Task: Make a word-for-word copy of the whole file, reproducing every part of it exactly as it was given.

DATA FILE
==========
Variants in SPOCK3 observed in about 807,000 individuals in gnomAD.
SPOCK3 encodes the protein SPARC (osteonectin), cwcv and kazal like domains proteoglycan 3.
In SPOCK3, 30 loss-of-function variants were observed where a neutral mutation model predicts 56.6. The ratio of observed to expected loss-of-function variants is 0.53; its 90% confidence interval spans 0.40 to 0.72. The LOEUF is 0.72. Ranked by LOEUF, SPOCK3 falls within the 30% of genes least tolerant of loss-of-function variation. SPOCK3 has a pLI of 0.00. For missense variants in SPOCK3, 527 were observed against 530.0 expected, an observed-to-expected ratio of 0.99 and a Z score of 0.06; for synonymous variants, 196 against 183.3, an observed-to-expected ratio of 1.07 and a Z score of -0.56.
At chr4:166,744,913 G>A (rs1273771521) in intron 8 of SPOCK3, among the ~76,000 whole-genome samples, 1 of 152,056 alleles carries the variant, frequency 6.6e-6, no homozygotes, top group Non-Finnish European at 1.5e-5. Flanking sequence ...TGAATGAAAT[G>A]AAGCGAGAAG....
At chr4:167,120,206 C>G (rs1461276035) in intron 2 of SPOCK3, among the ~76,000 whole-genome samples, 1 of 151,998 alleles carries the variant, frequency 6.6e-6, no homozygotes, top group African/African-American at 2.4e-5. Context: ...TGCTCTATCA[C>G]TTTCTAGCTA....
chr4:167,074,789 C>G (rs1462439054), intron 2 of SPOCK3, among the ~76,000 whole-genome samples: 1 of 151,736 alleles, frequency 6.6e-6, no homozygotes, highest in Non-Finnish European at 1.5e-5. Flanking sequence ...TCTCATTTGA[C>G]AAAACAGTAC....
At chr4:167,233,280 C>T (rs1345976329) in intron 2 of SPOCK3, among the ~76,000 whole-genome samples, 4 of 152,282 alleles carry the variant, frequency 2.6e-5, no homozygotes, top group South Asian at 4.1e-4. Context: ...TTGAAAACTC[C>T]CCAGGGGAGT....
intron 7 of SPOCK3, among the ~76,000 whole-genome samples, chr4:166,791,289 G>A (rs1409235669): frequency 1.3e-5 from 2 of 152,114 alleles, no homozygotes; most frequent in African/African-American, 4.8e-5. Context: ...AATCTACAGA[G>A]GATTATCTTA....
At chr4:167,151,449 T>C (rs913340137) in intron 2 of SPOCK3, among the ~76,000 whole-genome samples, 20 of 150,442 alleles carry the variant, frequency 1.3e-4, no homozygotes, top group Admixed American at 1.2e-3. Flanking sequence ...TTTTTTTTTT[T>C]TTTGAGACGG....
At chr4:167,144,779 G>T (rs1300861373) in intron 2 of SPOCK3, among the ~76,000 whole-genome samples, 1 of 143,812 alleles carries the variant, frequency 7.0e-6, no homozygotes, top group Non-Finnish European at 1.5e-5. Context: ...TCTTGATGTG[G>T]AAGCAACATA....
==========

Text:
Variants in SPOCK3 observed in about 807,000 individuals in gnomAD.
SPOCK3 encodes the protein SPARC (osteonectin), cwcv and kazal like domains proteoglycan 3.
In SPOCK3, 30 loss-of-function variants were observed where a neutral mutation model predicts 56.6. The ratio of observed to expected loss-of-function variants is 0.53; its 90% confidence interval spans 0.40 to 0.72. The LOEUF is 0.72. Ranked by LOEUF, SPOCK3 falls within the 30% of genes least tolerant of loss-of-function variation. SPOCK3 has a pLI of 0.00. For missense variants in SPOCK3, 527 were observed against 530.0 expected, an observed-to-expected ratio of 0.99 and a Z score of 0.06; for synonymous variants, 196 against 183.3, an observed-to-expected ratio of 1.07 and a Z score of -0.56.
At chr4:166,744,913 G>A (rs1273771521) in intron 8 of SPOCK3, among the ~76,000 whole-genome samples, 1 of 152,056 alleles carries the variant, frequency 6.6e-6, no homozygotes, top group Non-Finnish European at 1.5e-5. Flanking sequence ...TGAATGAAAT[G>A]AAGCGAGAAG....
At chr4:167,120,206 C>G (rs1461276035) in intron 2 of SPOCK3, among the ~76,000 whole-genome samples, 1 of 151,998 alleles carries the variant, frequency 6.6e-6, no homozygotes, top group African/African-American at 2.4e-5. Context: ...TGCTCTATCA[C>G]TTTCTAGCTA....
chr4:167,074,789 C>G (rs1462439054), intron 2 of SPOCK3, among the ~76,000 whole-genome samples: 1 of 151,736 alleles, frequency 6.6e-6, no homozygotes, highest in Non-Finnish European at 1.5e-5. Flanking sequence ...TCTCATTTGA[C>G]AAAACAGTAC....
At chr4:167,233,280 C>T (rs1345976329) in intron 2 of SPOCK3, among the ~76,000 whole-genome samples, 4 of 152,282 alleles carry the variant, frequency 2.6e-5, no homozygotes, top group South Asian at 4.1e-4. Context: ...TTGAAAACTC[C>T]CCAGGGGAGT....
intron 7 of SPOCK3, among the ~76,000 whole-genome samples, chr4:166,791,289 G>A (rs1409235669): frequency 1.3e-5 from 2 of 152,114 alleles, no homozygotes; most frequent in African/African-American, 4.8e-5. Context: ...AATCTACAGA[G>A]GATTATCTTA....
At chr4:167,151,449 T>C (rs913340137) in intron 2 of SPOCK3, among the ~76,000 whole-genome samples, 20 of 150,442 alleles carry the variant, frequency 1.3e-4, no homozygotes, top group Admixed American at 1.2e-3. Flanking sequence ...TTTTTTTTTT[T>C]TTTGAGACGG....
At chr4:167,144,779 G>T (rs1300861373) in intron 2 of SPOCK3, among the ~76,000 whole-genome samples, 1 of 143,812 alleles carries the variant, frequency 7.0e-6, no homozygotes, top group Non-Finnish European at 1.5e-5. Context: ...TCTTGATGTG[G>T]AAGCAACATA....